Distilled water. Short exposure to water is permissible with most audio and video carriers. The exceptions include some instantaneous discs made from gelatine, cardboard, and similar water-soluble materials. To enhance the action, wetting agents may be added. For application with discs, washing machines are marketed. It is imperative that all carriers be thoroughly dried after the application of water.

Chemical solvents. Their application is the last stage for cleaning residue resistant to the more gentle methods from carriers. They must only be applied after consulting reliable sources and experts. As the composition of carriers, specifically historic tapes and instantaneous discs, is often unknown and their reaction to solvents unpredictable, careful testing must be done. It must be noted that unfavourable reactions may not appear immediately. Specifically the removal of chemical by-products of deteriorating materials must be carefully researched in cooperation with chemical experts. The use of commercial products with undisclosed ingredients is prohibited.

24 .This paragraph deals only with be basic principles of carrier cleaning. For details see the respective sections in IASA-TC 04, chapter 5.

4 Storage Facilities and Transport

4.1 Storage environments

The control of the environment in a storage area is a product of the prevailing conditions in the surrounding area, the construction of the storage facility, the quality of insulation and vapour seal, and the air-conditioning plant; when designing a storage environment all four of these must be taken into account. Overdesigning the air-conditioning plant to compensate for poor insulation, for example, leads to unstable and variable conditions. As has been discussed earlier in this publication, stability is more important than the absolute conditions being met. The following provides some general information that can be used in discussion with the appropriate design specialist.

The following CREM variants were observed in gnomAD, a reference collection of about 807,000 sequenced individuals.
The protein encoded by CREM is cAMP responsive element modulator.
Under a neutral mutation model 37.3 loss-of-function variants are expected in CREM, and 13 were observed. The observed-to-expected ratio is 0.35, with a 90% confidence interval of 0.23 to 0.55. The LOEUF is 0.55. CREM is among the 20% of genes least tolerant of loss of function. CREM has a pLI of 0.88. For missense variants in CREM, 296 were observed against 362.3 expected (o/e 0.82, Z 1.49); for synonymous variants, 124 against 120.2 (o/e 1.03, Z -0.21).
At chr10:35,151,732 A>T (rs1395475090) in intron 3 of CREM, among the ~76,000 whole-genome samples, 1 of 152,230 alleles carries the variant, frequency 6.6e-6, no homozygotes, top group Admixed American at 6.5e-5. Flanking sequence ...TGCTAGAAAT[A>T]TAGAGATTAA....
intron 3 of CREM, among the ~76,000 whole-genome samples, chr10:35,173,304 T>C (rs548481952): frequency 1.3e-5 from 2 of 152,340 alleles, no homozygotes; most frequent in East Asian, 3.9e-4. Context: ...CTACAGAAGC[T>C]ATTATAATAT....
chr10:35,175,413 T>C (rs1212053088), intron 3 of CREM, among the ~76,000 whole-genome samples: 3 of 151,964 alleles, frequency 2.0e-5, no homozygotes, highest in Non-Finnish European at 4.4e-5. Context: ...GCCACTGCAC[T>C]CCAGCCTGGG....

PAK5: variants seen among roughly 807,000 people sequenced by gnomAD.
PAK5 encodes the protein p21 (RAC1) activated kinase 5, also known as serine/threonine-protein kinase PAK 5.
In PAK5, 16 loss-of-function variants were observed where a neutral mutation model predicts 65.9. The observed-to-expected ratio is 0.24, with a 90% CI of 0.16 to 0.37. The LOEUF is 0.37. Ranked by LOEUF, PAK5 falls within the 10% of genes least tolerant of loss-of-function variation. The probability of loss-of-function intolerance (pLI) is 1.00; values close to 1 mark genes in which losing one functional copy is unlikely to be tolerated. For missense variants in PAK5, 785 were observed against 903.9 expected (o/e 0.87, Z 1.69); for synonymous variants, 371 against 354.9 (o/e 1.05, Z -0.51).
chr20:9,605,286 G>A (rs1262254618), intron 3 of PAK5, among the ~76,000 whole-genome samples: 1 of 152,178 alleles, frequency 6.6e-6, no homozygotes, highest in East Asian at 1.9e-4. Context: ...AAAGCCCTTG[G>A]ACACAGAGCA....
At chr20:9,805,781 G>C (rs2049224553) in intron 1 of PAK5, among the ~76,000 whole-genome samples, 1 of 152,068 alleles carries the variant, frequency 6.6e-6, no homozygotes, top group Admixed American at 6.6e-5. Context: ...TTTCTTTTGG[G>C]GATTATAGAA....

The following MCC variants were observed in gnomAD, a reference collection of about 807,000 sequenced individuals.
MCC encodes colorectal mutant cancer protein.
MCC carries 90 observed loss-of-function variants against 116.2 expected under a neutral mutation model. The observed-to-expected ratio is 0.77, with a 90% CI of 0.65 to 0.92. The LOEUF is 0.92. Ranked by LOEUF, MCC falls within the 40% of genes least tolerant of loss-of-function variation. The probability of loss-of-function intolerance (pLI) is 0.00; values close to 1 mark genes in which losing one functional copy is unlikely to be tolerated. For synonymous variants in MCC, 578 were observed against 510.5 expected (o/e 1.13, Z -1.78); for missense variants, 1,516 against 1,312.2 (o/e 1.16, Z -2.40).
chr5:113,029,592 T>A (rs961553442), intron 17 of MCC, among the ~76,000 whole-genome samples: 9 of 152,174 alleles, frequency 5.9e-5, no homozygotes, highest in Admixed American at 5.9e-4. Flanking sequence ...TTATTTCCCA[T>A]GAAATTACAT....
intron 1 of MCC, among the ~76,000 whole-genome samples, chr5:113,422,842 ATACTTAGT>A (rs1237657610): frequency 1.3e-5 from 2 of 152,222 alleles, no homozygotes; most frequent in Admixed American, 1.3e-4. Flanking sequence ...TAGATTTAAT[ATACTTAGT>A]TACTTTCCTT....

4.2 Storage area location

Ideally, a storage area should be in the centre of a building, slightly elevated from the ground floor. Such a location would permit effective and autonomous control over all environmental factors, including temperature, humidity and water, dust and pollution, light, as well as stray magnetic fields. Any location at the fringe of a building would make such control more difficult, and possibly less effective. Any location lower than ground level makes air conditioning more expensive, and effective prevention of water influx difficult. Vaults should be fireproof, thermally insulated, and also protected against water influx, which may happen for a number of reasons.

4.3 Air conditioning and environmental control

Air conditioning, environmental control, or building management technology are all terms used to describe systems of varying sophistication that control and manage the environment inside a building. Though such systems were developed principally for the comfort of the occupants of buildings, they are a necessity if the rooms are to meet the long-term storage conditions of the audiovisual collections as specified in this publication. In principle, air conditioning systems are the same whether they are used for preservation and storage or comfort purposes. However, air conditioning systems for collection and storage demand much tighter tolerances and much better control.

4.3.1 Temperature control. Temperature control is achieved through heating or cooling the air that is being blown into the environment to be controlled. Sensors in the room detect the conditions and this information is used to control the heating or cooling elements. The interaction with sensors raises some issues that are discussed below.